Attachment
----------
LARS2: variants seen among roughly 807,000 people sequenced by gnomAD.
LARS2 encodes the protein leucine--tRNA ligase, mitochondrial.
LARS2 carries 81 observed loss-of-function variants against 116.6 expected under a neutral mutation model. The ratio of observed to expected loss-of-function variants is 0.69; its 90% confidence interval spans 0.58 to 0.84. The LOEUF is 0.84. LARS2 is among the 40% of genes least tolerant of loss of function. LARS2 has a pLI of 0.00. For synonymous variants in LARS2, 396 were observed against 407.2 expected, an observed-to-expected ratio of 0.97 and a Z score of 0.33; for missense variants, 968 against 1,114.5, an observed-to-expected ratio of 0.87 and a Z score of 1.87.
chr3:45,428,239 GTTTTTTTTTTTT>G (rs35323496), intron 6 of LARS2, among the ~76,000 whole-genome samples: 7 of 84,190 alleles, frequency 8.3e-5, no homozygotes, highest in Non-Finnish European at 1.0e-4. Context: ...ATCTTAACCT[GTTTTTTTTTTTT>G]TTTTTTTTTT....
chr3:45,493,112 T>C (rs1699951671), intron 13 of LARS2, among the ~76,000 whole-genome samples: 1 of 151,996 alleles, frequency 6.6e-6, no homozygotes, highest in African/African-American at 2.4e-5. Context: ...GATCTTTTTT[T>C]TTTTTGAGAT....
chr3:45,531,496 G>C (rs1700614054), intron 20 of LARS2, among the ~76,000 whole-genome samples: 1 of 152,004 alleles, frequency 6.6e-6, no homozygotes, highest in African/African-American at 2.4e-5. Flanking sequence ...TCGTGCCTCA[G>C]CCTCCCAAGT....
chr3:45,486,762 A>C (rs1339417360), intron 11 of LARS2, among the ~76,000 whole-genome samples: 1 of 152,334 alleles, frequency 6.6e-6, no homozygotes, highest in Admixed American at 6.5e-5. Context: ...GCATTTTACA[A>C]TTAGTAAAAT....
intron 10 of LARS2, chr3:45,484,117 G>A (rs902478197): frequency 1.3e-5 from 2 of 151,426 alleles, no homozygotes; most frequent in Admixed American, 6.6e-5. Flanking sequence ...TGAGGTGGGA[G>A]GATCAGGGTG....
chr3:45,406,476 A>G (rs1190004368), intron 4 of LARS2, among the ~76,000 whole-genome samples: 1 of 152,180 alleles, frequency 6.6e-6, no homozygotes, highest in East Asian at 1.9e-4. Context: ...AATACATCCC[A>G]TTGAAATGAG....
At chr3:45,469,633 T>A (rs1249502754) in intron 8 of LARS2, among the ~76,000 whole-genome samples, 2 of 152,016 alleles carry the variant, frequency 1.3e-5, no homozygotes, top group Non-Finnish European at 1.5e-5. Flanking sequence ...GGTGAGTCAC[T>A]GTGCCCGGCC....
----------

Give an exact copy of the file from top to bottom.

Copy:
LARS2: variants seen among roughly 807,000 people sequenced by gnomAD.
LARS2 encodes the protein leucine--tRNA ligase, mitochondrial.
LARS2 carries 81 observed loss-of-function variants against 116.6 expected under a neutral mutation model. The ratio of observed to expected loss-of-function variants is 0.69; its 90% confidence interval spans 0.58 to 0.84. The LOEUF is 0.84. LARS2 is among the 40% of genes least tolerant of loss of function. LARS2 has a pLI of 0.00. For synonymous variants in LARS2, 396 were observed against 407.2 expected, an observed-to-expected ratio of 0.97 and a Z score of 0.33; for missense variants, 968 against 1,114.5, an observed-to-expected ratio of 0.87 and a Z score of 1.87.
chr3:45,428,239 GTTTTTTTTTTTT>G (rs35323496), intron 6 of LARS2, among the ~76,000 whole-genome samples: 7 of 84,190 alleles, frequency 8.3e-5, no homozygotes, highest in Non-Finnish European at 1.0e-4. Context: ...ATCTTAACCT[GTTTTTTTTTTTT>G]TTTTTTTTTT....
chr3:45,493,112 T>C (rs1699951671), intron 13 of LARS2, among the ~76,000 whole-genome samples: 1 of 151,996 alleles, frequency 6.6e-6, no homozygotes, highest in African/African-American at 2.4e-5. Context: ...GATCTTTTTT[T>C]TTTTTGAGAT....
chr3:45,531,496 G>C (rs1700614054), intron 20 of LARS2, among the ~76,000 whole-genome samples: 1 of 152,004 alleles, frequency 6.6e-6, no homozygotes, highest in African/African-American at 2.4e-5. Flanking sequence ...TCGTGCCTCA[G>C]CCTCCCAAGT....
chr3:45,486,762 A>C (rs1339417360), intron 11 of LARS2, among the ~76,000 whole-genome samples: 1 of 152,334 alleles, frequency 6.6e-6, no homozygotes, highest in Admixed American at 6.5e-5. Context: ...GCATTTTACA[A>C]TTAGTAAAAT....
intron 10 of LARS2, chr3:45,484,117 G>A (rs902478197): frequency 1.3e-5 from 2 of 151,426 alleles, no homozygotes; most frequent in Admixed American, 6.6e-5. Flanking sequence ...TGAGGTGGGA[G>A]GATCAGGGTG....
chr3:45,406,476 A>G (rs1190004368), intron 4 of LARS2, among the ~76,000 whole-genome samples: 1 of 152,180 alleles, frequency 6.6e-6, no homozygotes, highest in East Asian at 1.9e-4. Context: ...AATACATCCC[A>G]TTGAAATGAG....
At chr3:45,469,633 T>A (rs1249502754) in intron 8 of LARS2, among the ~76,000 whole-genome samples, 2 of 152,016 alleles carry the variant, frequency 1.3e-5, no homozygotes, top group Non-Finnish European at 1.5e-5. Flanking sequence ...GGTGAGTCAC[T>A]GTGCCCGGCC....